NAIC Acts to Require Climate Change Disclosures - But Without Any Standards

NAIC Acts to Require Climate Change Disclosures - But Without Any Standards

March 18, 2009 16:42
by J. Wylie Donald
Yesterday, the National Association of Insurance Commissioners voted to require all insurers collecting more than $500 million in premium to make certain disclosures regarding the effect of climate change on their businesses. Some of you might be saying, "Finally."  Others may be critical that not enough is being said.  Beyond dispute, however, is that climate change disclosure is now in the mainstream. The NAIC joins, among others, environmental groups such as CERES and Friends of the Earth, investor groups such as the Investor Network on Climate Risk, state attorneys general and state treasurers, all of whom have called for more disclosure.
The lack of disclosure by insurance companies has been publicly criticized for a number of years.  One of the first groups to do so was Friends of the Earth, who published an assessment of the climate change disclosures being made by the utility, automobile, energy, petrochemical and insurance industries.  Insurance companies were dead last in making disclosures.
A group that has been pursuing and posting disclosures from companies throughout the world, including insurance companies, is the Carbon Disclosure Project (CDP). A search of their database through 2008 shows paltry few American insurers feel it is important to make climate change disclosures.  The NAIC, apparently, was acutely aware of this and thus pursued its new rules.  (You should also note that many of the disclosures the NAIC now requires can be met by the same disclosures made to the CDP.  See 12/8/08 draft disclosure questions at  In connection with other issues I have reviewed a large number of CDP responses; the quality of responses varies widely.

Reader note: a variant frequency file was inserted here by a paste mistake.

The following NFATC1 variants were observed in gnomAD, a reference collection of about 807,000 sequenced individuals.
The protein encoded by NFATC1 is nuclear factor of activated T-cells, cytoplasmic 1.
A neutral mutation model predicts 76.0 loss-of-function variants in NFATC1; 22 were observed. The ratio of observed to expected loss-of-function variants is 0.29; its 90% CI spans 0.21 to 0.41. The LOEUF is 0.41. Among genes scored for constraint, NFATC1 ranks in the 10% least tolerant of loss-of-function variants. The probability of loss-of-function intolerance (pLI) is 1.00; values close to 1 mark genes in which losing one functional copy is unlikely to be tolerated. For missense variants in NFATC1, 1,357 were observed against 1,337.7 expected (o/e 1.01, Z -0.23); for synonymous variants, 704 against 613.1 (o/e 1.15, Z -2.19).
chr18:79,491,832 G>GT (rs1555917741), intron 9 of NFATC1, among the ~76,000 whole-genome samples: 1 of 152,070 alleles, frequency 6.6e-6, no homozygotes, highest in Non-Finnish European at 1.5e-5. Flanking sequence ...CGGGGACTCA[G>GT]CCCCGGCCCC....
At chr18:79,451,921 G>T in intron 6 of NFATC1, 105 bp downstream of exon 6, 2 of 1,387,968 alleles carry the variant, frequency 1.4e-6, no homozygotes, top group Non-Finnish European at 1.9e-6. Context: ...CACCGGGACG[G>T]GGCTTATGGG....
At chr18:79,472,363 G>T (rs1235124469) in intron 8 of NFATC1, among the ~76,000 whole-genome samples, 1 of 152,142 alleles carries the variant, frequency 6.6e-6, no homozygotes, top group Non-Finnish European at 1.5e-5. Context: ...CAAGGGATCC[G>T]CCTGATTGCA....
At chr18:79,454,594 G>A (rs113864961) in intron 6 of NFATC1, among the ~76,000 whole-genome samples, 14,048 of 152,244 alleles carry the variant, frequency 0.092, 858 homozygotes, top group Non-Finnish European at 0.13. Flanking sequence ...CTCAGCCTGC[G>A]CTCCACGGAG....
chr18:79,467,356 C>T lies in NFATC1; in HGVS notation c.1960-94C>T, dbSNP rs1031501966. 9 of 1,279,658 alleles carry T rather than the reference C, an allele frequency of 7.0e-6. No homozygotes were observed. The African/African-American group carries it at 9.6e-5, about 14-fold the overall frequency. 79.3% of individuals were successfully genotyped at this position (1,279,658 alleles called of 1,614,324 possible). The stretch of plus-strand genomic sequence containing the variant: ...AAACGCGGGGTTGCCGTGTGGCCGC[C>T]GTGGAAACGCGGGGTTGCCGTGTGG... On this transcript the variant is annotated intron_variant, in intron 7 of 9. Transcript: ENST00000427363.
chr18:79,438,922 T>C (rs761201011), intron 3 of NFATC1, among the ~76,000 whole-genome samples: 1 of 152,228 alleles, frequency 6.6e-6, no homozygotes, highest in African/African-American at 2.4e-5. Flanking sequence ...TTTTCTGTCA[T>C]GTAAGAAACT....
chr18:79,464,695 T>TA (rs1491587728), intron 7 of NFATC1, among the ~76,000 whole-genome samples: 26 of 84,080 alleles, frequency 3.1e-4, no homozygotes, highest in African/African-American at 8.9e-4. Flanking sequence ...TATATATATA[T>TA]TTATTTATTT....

The Wall Street Journal reported on the NAIC's decision and stated that two risks were driving the Commissioners.  First, the risk of extreme weather events would boost claims.  Second, caps on carbon emissions threaten the profitability of industries (such as coal utilities) in which insurers invest.  I would add that climate change lawsuits could also be of significant interest to the insurance industry.  See Nov. 4, 2008 blog post.
The disclosure rule requires insurers' first good faith qualitative responses on May 1, 2010.  All responses will be posted by the NAIC.  The goal of the disclosures is to give state regulators more information to understand the financial health of the insurance sector and the availability and affordability of insurance.  It remains to be seen whether the goals can be met absent standards by which to measure the disclosures.  Just as the CDP's responses have wide variability, absent standards the insurers' disclosures are likely to be equally as varied.  Such variation is unlikely to help the Commissioners meet their goals.

Comments are closed


The business case for the development of renewable energy projects, from biodiesel and ethanol to wind, solar, and distributed generation, is more compelling than ever as tax and regulatory incentives combine to attract investments. Emerging issues in environmental law and increasingly recognized principles of corporate social responsibility are encouraging public companies to voluntarily reduce greenhouse gas emissions, install clean energy alternatives, and invest overseas in projects under the Kyoto Protocol to respond to climate change concerns.

Click here for more information and a list of our group members.


© 2021 McCarter & English, LLP. All Rights Reserved. disclaimer
navbottom image